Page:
I scowled at the photo on my desk, that of a long-limbed, dark-haired, sultry goddess poised seductively on a white fur rug. Noony. I hated that absurd nickname, which was no doubt why she used it. “There haven’t be usurers since the investment advisors fed them to the sharks, and as for adulterers, those who live in glass houses, my dear.”

Her laughter tinkled in a way that once, for the three years I had been unaccountably smitten with her, delighted me, but now just made my teeth itch. My jaw tightened in response, causing my teeth to grind. “Darling Noony! One can’t adulterate someone who isn’t one’s legal spouse. You died. Therefore, I was a widow and free to remarry as I liked.”

“It’s a symbolic death, as you very well know, or you would know if you’d ever gone into the Underworld with me, as you were meant to do.”

“Once was enough,” she answered quickly, the shudder evident in her voice. “I’ve moved on since then. While you were moldering away in the Underworld, I was falling madly, wonderfully, totally and completely in love with Dion. He asked me to marry him the very first night we met—at a Samba contest, which naturally we won—and I just knew that he could offer me everything you couldn’t. It was kismet, darling, kismet.”

I ground my teeth some more, just for the hell of it. “You have no right to marry someone else. You agreed to the rules of the job, even if you’ve disregarded most of them. But you can’t just brush aside the fact that in a week’s time, we are to be married. I’m willing to overlook this indiscretion just as I’ve overlooked all the other ones, but I won’t have you jeopardizing my job simply because you’ve had it off with some Latin boy toy.”

“He’s Greek, actually, dear heart, but I wouldn’t expect you to know that. Dion gave up his licentious past, and has devoted himself heart and soul to salsa. And me, naturally. I can assure you that Dion is anything but a boy,” she purred. “And as for your job—I am sorry, darling, but I’ve decided to quit. I’ve found my true métier in life—to be a wife and mother—and nothing you can say or do will change my mind.”

“You can’t do this to me!” I yelled, ignoring the pressure in my forehead. “You know that Taranis has been breathing down my back for the last two hundred years! The instant he knows you’ve married someone else, he’ll take everything away from me and hand it to one of his minions!”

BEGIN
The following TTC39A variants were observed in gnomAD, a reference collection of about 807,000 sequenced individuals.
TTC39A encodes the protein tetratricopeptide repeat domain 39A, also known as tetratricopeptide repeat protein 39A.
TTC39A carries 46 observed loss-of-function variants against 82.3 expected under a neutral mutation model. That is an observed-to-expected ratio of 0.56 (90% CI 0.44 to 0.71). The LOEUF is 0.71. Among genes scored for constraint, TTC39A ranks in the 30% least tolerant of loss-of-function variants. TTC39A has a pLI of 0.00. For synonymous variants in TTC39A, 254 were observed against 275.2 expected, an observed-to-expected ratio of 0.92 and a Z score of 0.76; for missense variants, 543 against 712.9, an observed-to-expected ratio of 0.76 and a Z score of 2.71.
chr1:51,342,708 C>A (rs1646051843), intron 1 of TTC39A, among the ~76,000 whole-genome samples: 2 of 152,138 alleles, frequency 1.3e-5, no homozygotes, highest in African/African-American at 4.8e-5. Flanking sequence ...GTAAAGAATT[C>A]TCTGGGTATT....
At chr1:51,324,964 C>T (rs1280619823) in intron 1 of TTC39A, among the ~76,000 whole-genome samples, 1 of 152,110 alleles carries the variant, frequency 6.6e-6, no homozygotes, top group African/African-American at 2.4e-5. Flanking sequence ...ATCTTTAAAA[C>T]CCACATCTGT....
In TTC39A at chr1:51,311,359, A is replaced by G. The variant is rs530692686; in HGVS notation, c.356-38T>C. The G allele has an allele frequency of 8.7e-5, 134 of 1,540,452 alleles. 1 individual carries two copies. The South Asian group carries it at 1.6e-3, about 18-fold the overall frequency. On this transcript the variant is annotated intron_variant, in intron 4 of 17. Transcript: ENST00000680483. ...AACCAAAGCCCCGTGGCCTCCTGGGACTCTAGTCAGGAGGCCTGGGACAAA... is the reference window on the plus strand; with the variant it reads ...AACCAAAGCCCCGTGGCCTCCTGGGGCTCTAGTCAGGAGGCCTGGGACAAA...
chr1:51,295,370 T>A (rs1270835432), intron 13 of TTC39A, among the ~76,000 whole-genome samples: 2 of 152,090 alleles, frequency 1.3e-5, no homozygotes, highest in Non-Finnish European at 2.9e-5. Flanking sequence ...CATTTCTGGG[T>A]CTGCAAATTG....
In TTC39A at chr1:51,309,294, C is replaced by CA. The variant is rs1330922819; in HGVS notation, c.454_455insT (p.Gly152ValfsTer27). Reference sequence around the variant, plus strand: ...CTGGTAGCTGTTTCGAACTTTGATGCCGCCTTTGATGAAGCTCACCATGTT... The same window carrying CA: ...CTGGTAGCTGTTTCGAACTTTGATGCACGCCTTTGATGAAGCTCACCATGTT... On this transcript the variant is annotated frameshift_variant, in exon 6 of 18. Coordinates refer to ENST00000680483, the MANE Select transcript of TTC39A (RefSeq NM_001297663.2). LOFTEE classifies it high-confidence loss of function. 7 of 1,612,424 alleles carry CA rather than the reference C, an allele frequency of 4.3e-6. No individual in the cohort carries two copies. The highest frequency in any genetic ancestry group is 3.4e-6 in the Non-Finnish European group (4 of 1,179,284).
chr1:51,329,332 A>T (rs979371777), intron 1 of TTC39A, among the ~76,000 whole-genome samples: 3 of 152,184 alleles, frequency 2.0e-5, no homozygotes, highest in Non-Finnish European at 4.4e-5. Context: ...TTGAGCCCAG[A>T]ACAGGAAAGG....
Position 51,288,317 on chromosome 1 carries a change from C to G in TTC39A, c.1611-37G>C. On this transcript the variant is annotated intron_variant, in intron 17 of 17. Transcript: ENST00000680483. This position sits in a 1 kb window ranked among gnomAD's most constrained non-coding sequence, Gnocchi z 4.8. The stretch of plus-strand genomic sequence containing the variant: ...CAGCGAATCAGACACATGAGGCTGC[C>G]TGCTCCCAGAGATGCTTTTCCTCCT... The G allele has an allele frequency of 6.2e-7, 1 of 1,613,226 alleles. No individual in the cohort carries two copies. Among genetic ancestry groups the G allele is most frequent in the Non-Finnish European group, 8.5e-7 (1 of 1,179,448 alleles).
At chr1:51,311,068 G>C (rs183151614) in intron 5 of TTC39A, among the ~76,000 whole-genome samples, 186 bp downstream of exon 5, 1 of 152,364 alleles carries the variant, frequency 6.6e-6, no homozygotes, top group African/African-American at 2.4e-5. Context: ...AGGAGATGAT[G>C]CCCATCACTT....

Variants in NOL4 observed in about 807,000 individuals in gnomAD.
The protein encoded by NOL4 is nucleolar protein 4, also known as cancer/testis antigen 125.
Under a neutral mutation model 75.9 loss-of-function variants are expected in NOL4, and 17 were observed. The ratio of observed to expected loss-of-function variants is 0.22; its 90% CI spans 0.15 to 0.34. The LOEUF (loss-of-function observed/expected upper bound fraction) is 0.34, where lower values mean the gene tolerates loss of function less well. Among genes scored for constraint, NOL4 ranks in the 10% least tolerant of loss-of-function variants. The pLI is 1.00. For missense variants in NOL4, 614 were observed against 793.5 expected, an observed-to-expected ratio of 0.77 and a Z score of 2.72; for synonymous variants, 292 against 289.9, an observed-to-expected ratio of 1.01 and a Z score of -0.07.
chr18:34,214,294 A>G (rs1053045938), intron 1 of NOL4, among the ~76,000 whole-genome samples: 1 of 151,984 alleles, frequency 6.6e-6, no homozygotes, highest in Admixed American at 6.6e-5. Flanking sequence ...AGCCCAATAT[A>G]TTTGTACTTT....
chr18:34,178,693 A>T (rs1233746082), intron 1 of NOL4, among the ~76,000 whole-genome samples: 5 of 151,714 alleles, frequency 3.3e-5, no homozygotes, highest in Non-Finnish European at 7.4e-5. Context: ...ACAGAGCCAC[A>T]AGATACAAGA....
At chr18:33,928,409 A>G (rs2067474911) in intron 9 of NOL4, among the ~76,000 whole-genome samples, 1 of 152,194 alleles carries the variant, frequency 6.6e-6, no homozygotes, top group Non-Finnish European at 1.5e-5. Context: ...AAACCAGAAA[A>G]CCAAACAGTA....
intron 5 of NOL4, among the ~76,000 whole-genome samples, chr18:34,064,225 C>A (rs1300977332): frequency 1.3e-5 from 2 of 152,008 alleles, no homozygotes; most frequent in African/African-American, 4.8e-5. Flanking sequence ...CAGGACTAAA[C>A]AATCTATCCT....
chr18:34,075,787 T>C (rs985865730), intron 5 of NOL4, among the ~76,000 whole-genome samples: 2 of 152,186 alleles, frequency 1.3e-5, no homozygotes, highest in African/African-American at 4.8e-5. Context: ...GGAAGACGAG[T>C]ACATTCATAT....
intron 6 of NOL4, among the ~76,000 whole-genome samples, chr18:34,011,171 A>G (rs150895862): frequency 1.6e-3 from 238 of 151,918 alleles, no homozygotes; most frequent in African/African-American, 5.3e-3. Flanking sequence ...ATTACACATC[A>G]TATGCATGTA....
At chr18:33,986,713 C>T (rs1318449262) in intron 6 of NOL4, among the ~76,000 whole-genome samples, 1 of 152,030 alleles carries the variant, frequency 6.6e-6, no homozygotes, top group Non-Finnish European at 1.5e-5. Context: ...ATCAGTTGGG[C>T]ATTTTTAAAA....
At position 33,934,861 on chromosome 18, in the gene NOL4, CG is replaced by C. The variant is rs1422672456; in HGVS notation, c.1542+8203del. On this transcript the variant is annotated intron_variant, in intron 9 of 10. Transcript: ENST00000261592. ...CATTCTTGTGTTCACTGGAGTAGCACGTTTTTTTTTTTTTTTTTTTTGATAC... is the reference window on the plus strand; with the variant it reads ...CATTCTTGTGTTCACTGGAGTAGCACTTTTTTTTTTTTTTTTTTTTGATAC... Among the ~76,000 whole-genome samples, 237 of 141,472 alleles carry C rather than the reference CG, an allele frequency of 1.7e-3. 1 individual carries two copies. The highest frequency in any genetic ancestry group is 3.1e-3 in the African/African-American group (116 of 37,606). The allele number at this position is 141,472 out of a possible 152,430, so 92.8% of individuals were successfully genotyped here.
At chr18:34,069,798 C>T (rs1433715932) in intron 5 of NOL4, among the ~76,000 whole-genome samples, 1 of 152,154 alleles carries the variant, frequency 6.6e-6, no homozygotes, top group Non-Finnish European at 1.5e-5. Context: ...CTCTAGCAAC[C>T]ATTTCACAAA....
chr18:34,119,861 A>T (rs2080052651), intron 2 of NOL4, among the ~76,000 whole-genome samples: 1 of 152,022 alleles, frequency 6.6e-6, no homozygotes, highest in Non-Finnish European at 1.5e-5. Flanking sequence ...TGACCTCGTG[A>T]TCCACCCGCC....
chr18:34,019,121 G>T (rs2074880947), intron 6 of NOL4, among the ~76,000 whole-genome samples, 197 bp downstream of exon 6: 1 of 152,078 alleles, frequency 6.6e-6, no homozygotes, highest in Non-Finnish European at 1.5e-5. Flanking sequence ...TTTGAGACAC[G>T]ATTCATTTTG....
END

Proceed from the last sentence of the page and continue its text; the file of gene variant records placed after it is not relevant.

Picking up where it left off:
“I’m truly sorry, darling, but my mind is quite made up. There is nothing in the laws that say I have to be your wife—you’ll simply have to find someone else to marry you at Beltane.”

A few more layers of enamel were ground off at that thought. “You can’t seriously expect me to find, court, and marry a woman in a week?”

“There was a time, once, many centuries in the past, when you had something approaching charm,” she said thoughtfully. “I suggest you dust that off and use it. Otherwise…it’s been nice knowing you.”

The call continued in that vein for another agonizing fifteen minutes. I tried every argument I could to make her see reason, but she always was an unreasonable woman, and nothing had changed that.

“Hellfire!” I swore, slamming down the phone. A second later I took great pleasure in jamming her photo into the trash, followed by a great many invectives.

“I take it the call did not proceed in a satisfactory manner?”

“No.” I stormed around the room for a moment, cursing Fidencia, cursing women in general, cursing the situation I found myself in. “After eleven hundred years, she suddenly decides I don’t offer her enough scope. Scope! What the hell does that mean, anyway?”

“I believe, sir, it means she feels her life is going nowhere, that marriage with you is stifling—”

One glare was enough to cut him off and leave him mumbling an apology.

“As if anyone could stifle her. She’s the most unreasonable woman in existence, and I rue the day I ever saved her wretched neck by pulling her out of the sea before she drown. The little witch has me by the balls good and proper. Well, I’ll just show her who is lacking in scope! There is no way in this world or the next I will give up my job to one of Taranis’s lackeys. Stewart! Round up every marriageable female you know. I’m going wife shopping!”